But there are only four significantly different Xbox One consoles, three types of PS4 and three kinds of Nintendo Switch.
Some of you may be surprised to hear lengths developers had to go, in order to make their games run well on console, even with carefully tailored optimisation. For example, Mirror’s Edge: Catalyst runs at 900p resolution on PS4, and 720p on Xbox One. Assassin’s Creed Syndicate runs at 900p on both vanilla versions of the current-gen systems. They are not even “Full HD”.
“Pro” versions of the consoles took off these limiters, for the most part. The Xbox One X can already play a lot of games at true 4K resolution, and doubles the frame rate of many to 60fps too.
Is next-gen ready for 120fps?
So if the Xbox Series X has twice the graphics power of the One X, 12 teraflops to six, why shouldn’t it be able to do the same and kick up the resolution to 8K, the frame rate to 120fps?
The Xbox Series X and PS5 mark the start of a new generation, which allows developers to work from a much deeper pool of resources. Games “Enhanced” for Xbox One X are still made, to a great extent, with the original Xbox One in mind as a reference point.
A generational reboot lets developers invest more in expensive (in processing terms) lighting effects like ray tracing, and maintaining fine texture quality deep into the draw distance. Just as the frame rate is a balancing act of power and the demands of the scene rendered, developers will, as ever, balance the benefits of better lighting, shadows, textures, and more detailed character models, with those of above-60fps frame rates and ultra-niche 8K resolution.
For now, at least, a 120fps frame rate is more likely to be the result of an Xbox Series X game also made for the Xbox One than a truly ambitious attempt to see what the next generation can really do. We already know this cross-over effect with happen too, not least because it makes financial sense. Developers need to cater to early adopters and the much wider audience of Xbox One and PS4 owners.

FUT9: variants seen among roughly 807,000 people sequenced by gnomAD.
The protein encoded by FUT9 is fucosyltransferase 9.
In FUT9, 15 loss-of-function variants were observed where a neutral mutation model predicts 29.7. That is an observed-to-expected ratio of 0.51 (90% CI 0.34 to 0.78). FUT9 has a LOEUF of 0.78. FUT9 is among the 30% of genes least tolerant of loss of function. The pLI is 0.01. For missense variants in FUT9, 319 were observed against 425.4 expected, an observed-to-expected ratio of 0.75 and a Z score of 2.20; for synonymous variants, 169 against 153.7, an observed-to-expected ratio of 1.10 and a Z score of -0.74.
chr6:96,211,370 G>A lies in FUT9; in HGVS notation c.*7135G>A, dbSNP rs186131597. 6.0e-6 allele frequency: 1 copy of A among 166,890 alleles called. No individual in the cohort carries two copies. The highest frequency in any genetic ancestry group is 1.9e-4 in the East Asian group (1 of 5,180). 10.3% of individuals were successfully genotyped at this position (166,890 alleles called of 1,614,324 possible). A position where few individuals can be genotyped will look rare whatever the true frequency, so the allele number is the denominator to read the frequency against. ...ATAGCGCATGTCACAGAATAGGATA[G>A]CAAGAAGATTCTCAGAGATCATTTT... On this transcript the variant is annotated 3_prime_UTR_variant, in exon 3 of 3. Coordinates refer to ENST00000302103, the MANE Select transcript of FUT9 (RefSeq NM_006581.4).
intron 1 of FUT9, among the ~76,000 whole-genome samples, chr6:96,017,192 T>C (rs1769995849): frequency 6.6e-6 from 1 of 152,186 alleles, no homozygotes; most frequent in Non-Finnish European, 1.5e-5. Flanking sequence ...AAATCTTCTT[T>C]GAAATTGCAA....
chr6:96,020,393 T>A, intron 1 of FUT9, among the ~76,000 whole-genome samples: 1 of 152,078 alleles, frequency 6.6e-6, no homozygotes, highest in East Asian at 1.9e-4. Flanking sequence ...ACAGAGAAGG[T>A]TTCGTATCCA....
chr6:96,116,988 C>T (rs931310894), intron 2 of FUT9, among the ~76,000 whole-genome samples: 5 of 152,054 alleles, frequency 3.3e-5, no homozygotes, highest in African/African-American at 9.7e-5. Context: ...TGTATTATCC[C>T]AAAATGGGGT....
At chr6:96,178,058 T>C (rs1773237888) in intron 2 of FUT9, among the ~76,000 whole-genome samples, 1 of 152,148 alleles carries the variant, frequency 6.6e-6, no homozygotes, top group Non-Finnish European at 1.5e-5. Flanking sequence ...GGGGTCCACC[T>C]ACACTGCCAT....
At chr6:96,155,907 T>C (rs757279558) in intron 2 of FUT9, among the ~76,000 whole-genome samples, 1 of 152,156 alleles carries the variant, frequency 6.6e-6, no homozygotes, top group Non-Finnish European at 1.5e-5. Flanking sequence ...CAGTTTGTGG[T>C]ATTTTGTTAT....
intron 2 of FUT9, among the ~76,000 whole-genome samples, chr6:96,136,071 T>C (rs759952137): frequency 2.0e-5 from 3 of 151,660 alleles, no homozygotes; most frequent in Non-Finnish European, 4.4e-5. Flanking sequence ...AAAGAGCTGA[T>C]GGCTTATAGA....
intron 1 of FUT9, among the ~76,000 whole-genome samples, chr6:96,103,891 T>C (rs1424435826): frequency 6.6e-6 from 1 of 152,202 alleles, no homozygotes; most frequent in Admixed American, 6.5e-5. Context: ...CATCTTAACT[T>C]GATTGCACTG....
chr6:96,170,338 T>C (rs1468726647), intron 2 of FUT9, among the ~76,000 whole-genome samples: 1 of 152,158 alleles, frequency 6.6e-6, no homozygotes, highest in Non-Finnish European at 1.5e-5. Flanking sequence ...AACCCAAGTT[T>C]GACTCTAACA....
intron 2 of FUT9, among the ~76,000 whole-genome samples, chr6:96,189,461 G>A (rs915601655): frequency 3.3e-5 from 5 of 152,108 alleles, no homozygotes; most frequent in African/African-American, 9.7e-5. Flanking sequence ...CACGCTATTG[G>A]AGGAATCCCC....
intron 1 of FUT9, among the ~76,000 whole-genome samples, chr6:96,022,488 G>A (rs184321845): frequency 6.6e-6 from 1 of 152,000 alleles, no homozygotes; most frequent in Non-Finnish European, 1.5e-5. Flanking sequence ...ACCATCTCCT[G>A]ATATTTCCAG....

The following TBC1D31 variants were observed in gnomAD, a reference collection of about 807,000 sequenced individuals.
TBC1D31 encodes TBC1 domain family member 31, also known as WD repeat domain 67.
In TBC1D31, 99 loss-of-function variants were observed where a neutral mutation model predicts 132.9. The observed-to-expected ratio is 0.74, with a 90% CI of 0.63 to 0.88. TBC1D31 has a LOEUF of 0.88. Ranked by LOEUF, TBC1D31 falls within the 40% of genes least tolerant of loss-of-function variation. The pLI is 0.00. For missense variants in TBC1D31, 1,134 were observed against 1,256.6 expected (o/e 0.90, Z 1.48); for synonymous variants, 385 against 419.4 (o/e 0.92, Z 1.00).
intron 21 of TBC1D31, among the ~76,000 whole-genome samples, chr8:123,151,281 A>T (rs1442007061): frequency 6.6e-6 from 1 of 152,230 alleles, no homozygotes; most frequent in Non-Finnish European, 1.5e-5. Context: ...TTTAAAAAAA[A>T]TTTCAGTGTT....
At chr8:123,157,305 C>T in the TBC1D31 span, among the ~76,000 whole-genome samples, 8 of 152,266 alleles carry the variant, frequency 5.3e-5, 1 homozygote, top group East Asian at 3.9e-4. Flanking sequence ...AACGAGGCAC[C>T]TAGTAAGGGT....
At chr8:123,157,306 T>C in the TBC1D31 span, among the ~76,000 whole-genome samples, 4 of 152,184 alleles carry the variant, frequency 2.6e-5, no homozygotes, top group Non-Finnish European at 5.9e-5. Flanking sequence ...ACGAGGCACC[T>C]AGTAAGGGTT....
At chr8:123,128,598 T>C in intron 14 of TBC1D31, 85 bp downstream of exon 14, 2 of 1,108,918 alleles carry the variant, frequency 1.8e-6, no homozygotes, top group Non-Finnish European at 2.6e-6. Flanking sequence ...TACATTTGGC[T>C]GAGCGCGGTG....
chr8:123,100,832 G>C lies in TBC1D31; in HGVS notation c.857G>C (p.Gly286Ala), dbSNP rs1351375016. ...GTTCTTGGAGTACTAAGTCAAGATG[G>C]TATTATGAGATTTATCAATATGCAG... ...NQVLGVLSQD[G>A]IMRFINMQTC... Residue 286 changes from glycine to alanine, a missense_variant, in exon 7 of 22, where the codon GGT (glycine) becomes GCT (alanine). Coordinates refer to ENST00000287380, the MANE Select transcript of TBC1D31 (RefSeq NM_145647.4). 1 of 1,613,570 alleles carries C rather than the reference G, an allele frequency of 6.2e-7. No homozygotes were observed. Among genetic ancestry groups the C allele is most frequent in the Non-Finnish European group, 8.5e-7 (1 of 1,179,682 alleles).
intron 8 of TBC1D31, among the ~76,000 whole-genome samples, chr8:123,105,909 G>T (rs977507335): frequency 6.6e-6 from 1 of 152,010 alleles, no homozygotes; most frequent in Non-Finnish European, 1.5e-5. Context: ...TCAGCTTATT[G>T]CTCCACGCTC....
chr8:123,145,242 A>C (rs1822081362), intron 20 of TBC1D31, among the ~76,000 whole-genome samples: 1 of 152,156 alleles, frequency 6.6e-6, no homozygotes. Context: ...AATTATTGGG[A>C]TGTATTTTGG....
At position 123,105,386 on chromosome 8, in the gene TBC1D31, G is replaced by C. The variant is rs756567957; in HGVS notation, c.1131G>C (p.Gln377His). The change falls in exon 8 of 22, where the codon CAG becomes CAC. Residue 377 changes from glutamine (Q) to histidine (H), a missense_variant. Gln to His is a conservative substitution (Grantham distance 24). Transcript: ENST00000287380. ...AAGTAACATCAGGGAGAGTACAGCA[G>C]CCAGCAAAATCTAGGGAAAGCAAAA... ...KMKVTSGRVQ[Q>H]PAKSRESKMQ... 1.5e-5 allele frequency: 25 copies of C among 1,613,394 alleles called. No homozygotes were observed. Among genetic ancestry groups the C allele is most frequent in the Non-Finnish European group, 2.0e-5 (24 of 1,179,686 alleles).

Cyberpunk 2077 is one of these titles. It will come to both Xbox One and Series X eventually. But if CD Projekt Red can’t do a good job of this generation-spanning, who will?
Hz and fps: frame rate and refresh rate
At this point we should also clear up some of the realities around frame rates and refresh rates. To fully appreciate the benefits of ultra-fast frame rates like 120fps, you also need a display with a fast refresh rate.
This stat, expressed as so many hertz (Hz), tells you how many times a second a screen’s image is fully refreshed. You do not have to pay all that much for very “fast” 144Hz or 240Hz gaming monitors because, unsurprisingly, the companies that make the things made this a priority a long time ago.
The same cannot be said about TVs. LG’s LG 55UM7610PLB is a TV you might consider if you want a large, smart-looking set that will not clean out your savings, but still supports 4K and HDR.
However, its refresh rate is 60Hz. While it has a TruMotion 100 mode that may suggest this can be boosted to 100Hz, this only refers to the TV adding interstitial frames in order to improve motion clarity. It cannot make full use of the 120Hz/120fps signal that should be possible with the next consoles.
You need to buy quite a high-end TV to really dig into the corners of the Xbox Series X’s and PS5’s capabilities. The LG C9 OLED TV is one of our current higher-end favourites. It has a 100/120Hz refresh rate, and also supports the Variable Refresh Rate feature added in HDMI 2.1.
But why is it a 100/120Hz TV, and (for those looking into buying a new TV) why are some others listed at 50/60Hz?
You’re most likely to see these “variable” figures in the UK and Europe. Back in the old days of analogue TV, and games that really were tied to their PAL/NTSC geographic territories, televisions’ refresh rates were synchronised to the frequency of the mains electricity in your house. The UK has 50Hz AC, the US 60Hz. But that so longer matters, as TVs no longer sync their refresh rate to the AC.
For more details on all the next-gen jargon, check out more of our next-gen explainers.